Objective: Women with pelvic pain conditions exhibit enhanced somatic pain sensitivity at extragenital sites. Whether comparable differences exist for pelvic floor or vaginal pain sensitivity is unknown. The present study was undertaken to estimate pelvic floor and vaginal pressure-pain detection thresholds both in women with pelvic pain and healthy women.
Methods: We conducted a cross-sectional study of pelvic floor and vaginal pain detection thresholds comparing 14 women with chronic pelvic pain to 30 healthy women without this condition. Using a prototype vaginal pressure algometer, we recorded continuous ascending pressure and determined each subject's pressure-pain threshold at each of eight paired pelvic floor sites and two adjacent vaginal sites.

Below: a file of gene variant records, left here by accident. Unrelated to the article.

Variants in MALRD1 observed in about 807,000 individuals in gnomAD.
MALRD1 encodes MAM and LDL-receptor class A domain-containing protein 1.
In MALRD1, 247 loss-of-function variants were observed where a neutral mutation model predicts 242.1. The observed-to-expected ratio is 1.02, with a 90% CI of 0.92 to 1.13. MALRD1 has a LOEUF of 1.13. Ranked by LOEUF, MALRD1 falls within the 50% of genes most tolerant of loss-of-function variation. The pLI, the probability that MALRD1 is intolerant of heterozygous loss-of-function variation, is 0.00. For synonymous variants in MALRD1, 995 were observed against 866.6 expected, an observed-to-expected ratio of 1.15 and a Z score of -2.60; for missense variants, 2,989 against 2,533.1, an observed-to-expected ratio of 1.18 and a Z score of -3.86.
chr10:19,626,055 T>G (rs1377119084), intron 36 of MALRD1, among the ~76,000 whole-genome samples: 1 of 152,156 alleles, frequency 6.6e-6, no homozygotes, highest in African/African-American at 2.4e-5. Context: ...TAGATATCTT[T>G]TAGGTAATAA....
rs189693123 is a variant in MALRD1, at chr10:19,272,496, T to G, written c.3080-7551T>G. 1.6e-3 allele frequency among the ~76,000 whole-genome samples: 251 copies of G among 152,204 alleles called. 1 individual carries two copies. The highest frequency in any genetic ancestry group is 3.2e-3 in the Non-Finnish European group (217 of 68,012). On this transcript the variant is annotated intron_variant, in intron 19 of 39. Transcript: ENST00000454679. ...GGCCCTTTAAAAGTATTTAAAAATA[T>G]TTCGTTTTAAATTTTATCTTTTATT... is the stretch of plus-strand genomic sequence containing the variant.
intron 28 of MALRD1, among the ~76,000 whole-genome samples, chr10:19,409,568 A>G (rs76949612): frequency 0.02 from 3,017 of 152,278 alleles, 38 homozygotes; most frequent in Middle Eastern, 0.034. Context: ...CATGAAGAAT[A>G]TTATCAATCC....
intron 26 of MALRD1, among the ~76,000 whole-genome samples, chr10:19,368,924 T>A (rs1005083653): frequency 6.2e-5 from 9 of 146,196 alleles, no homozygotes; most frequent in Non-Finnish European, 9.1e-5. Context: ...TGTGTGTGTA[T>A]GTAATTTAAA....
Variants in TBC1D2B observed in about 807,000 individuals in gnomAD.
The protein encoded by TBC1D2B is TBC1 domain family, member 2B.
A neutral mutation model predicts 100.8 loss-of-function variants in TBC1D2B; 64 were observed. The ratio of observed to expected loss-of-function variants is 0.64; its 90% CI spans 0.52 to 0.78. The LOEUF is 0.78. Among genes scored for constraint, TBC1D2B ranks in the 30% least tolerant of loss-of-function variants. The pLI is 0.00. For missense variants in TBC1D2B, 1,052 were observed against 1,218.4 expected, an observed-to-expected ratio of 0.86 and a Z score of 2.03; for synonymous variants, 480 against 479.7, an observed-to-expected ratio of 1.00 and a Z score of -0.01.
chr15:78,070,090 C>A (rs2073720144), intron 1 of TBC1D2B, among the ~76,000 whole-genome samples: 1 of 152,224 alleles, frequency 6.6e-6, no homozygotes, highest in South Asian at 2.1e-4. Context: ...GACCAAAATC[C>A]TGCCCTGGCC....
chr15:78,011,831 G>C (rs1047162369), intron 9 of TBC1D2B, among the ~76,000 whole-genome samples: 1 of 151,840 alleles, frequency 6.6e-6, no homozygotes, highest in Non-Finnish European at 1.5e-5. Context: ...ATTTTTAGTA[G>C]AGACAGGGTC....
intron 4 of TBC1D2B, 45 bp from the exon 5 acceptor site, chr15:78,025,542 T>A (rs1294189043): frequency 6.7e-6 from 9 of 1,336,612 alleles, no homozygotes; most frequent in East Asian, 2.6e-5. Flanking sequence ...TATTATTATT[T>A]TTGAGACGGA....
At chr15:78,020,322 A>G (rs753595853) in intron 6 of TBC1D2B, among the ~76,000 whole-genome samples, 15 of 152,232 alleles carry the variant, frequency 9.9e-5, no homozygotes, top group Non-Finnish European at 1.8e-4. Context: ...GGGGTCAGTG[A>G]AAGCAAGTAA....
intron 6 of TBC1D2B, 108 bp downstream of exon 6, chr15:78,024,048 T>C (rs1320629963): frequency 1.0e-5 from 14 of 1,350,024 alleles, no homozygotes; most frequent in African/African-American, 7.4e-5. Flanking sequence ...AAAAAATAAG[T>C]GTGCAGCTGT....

Results: Mean pain detection thresholds for all 10 sites were significantly lower in women with pelvic pain compared with healthy controls (at right iliococcygeus, controls 1.73+/-0.60 kg/cm(2) compared with women 0.96+/-0.38 kg/cm(2), P<.001, other sites similar), and remained so after controlling for differences in patient age and menopausal status. Pelvic floor and vaginal site pain detection thresholds had moderate-to-strong correlations with each other (r=0.62-0.91).
Conclusion: Chronic pelvic pain is associated with enhanced pelvic floor and vaginal pressure-pain sensitivity.
Level of evidence: II.